Origins of the Cold War Essay

Submitted By Cammy147
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The Cold War refers to a time of tension between the world’s two foremost superpowers following the defeat of Nazi Germany and the end of World War Two. WW2 is generally considered to have started in 1939 when Germany invaded Poland. America was initially hesitant to become embroiled in European conflicts and intervention was not popular domestically after the First World War. Once the surprise attack on Pearl Harbour in 1941 had been carried out by the Japanese the non-interventionist stance disappeared and America, now aligned with Britain, declared war on Japan and subsequently Germany and Italy. In 1941 Harry Truman, who would later become American President after Franklin Roosevelt passed away, made his feelings of dislike clear for both the Russians and the Germans during their conflict: “If we see that Germany is winning we ought to help Russia and if Russia is winning we ought to help Germany, and that way let them kill as many as possible, although I don't want to see Hitler victorious under any circumstances. Neither of them thinks anything of their pledged word.” (Harry Truman, 24 June 1941) This also gives an insight into the kind of mistrust and attitudes that America had towards Russia which would become prominent later in Revisionist versions of events and was a basis for ill feeling to grow between the two nations. Despite Russia - and neighbouring countries they had helped become Communist before forming a Soviet Union with in 1922 following the successful Bolshevik revolution - having vastly differing ideologies and styles of governance with the United States and Great Britain a series of meetings were held between the three allied leaders who had joined forces to defeat Nazi Germany. These meetings were held throughout WW2 with two of the most famous being held at Yalta and Potsdam. By late 1944 – early 1945 the allies knew they were going to win the war; the conference at Yalta from the 4th to 11th February 1945 was to discuss the war and how events should proceed after impending victory. Winston Churchill was representing Great Britain, Josef Stalin the Soviet Union and Franklin Roosevelt the USA. Although the trio disagreed on a lot of issues, such as the reparations Russia was to receive from Germany, agreements were made that a United Nations Organisation should be made to deal with future international disputes in a more diplomatic manner and that the eastern European countries surrounding the Soviet Union should be ‘friendly’. The Soviets also promised free elections in all the nations liberated from Nazi Germany.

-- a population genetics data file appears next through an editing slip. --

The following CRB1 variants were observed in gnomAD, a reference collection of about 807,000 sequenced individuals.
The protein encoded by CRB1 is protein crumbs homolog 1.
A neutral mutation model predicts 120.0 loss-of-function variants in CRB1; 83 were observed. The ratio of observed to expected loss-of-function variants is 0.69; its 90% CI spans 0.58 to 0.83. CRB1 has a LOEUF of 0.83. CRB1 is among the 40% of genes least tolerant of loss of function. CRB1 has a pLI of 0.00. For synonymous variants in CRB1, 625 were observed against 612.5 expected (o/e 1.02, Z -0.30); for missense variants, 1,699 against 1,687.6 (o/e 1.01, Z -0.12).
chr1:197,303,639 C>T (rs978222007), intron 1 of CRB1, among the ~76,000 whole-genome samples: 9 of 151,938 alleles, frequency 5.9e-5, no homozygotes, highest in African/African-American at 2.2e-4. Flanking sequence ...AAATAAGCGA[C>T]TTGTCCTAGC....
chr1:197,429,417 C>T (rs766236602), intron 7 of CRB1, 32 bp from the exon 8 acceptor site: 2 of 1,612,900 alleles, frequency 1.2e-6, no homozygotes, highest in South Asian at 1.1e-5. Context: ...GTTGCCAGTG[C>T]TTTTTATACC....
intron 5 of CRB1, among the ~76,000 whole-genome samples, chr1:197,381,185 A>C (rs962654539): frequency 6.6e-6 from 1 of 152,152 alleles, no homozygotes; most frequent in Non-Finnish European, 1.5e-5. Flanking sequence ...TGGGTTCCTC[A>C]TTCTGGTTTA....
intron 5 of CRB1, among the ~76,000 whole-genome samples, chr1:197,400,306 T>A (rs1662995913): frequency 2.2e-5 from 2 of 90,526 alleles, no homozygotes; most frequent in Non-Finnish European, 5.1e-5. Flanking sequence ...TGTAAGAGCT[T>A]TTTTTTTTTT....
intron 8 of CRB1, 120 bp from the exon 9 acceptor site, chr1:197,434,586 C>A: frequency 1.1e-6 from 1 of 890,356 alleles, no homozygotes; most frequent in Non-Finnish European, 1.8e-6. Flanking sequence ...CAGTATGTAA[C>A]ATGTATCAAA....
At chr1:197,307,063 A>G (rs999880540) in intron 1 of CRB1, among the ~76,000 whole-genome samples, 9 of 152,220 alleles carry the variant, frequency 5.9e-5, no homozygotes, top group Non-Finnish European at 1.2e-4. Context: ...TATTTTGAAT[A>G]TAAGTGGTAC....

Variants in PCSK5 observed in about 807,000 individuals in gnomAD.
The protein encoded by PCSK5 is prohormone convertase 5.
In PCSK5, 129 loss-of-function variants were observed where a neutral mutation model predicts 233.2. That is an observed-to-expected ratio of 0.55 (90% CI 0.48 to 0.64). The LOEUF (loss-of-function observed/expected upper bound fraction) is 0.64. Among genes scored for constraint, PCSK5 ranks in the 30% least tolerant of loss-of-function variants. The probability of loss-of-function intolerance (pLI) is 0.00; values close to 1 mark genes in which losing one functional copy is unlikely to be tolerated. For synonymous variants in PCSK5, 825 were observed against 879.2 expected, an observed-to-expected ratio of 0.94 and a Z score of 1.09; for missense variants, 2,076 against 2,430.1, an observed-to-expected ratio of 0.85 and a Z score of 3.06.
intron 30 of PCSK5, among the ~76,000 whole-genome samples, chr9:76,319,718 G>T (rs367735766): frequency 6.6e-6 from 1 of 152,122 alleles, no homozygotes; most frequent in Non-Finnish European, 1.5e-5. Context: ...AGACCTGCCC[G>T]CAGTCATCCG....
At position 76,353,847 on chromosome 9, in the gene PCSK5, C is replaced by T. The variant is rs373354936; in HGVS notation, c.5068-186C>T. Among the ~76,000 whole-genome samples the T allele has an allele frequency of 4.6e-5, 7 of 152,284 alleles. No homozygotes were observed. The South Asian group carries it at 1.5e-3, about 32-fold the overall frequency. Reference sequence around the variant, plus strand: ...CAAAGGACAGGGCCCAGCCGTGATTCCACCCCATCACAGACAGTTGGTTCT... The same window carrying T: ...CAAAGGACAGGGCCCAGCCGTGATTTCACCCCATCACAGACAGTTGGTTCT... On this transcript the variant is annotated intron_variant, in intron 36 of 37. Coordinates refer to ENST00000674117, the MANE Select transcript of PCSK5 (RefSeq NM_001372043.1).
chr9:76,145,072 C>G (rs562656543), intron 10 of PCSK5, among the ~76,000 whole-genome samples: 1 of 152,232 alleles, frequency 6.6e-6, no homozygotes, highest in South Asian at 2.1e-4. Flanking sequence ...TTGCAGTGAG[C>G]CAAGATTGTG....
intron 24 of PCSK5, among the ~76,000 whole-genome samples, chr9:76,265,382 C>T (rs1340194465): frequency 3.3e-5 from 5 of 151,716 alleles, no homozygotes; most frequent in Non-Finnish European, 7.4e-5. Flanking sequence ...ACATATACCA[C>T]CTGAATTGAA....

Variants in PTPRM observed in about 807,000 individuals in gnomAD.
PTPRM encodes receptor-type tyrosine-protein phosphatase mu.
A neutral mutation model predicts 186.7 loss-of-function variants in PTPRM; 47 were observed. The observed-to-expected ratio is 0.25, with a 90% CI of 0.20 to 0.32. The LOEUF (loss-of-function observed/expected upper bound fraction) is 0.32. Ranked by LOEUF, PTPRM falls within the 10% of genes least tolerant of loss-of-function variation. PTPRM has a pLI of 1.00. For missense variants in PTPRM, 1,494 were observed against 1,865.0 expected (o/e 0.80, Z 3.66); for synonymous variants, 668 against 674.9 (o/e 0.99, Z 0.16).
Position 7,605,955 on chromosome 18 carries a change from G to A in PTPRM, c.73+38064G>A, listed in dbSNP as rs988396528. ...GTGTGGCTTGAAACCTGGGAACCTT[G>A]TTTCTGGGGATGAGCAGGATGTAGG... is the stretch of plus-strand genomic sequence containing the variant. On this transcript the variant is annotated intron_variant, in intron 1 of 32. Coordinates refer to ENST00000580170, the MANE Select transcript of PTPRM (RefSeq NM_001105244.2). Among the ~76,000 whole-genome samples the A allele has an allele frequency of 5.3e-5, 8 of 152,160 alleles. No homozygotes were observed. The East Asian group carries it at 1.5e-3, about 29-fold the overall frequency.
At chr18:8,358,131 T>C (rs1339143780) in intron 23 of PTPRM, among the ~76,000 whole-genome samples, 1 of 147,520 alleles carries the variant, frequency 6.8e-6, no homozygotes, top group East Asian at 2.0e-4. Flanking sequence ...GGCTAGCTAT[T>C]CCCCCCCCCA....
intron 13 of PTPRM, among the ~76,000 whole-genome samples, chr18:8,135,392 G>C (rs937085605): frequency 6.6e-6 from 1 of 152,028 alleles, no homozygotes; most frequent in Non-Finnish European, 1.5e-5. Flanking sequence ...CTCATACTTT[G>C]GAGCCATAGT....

The Potsdam conference was held several months later but saw only one of the original leaders of the three that had met at Yalta return. Roosevelt had died so Harry Truman took his place and Churchill was replaced after a couple of days by Clement Atlee as the Conservatives were defeated in the UK elections by a landslide margin to the Labour party. The new dynamic seemed to produce even less unity than amongst the original three, not helped by the fact that America were not being upfront with how they intended to end matters with the Japanese. They were aware that they were going to drop an atomic bomb to force surrender but had not informed the Soviets fully, stating only they had developed a ‘powerful bomb’ which increased mistrust and bad feelings between the two nations. The fact that they had such advanced weaponry over the Soviets also meant that they were less willing to listen to Stalin’s demands. How Germany should be divided and controlled was also discussed at this meeting and the reparations Russia was to receive from Germany. Truman was also aggrieved by the fact Stalin had formed a communist government in Poland, breaking his earlier agreement at the Yalta conference that there would be free elections. This would also have reinforced Truman’s earlier view that the Russians could not be trusted.

According to the Orthodox interpretation of the origins of the Cold War the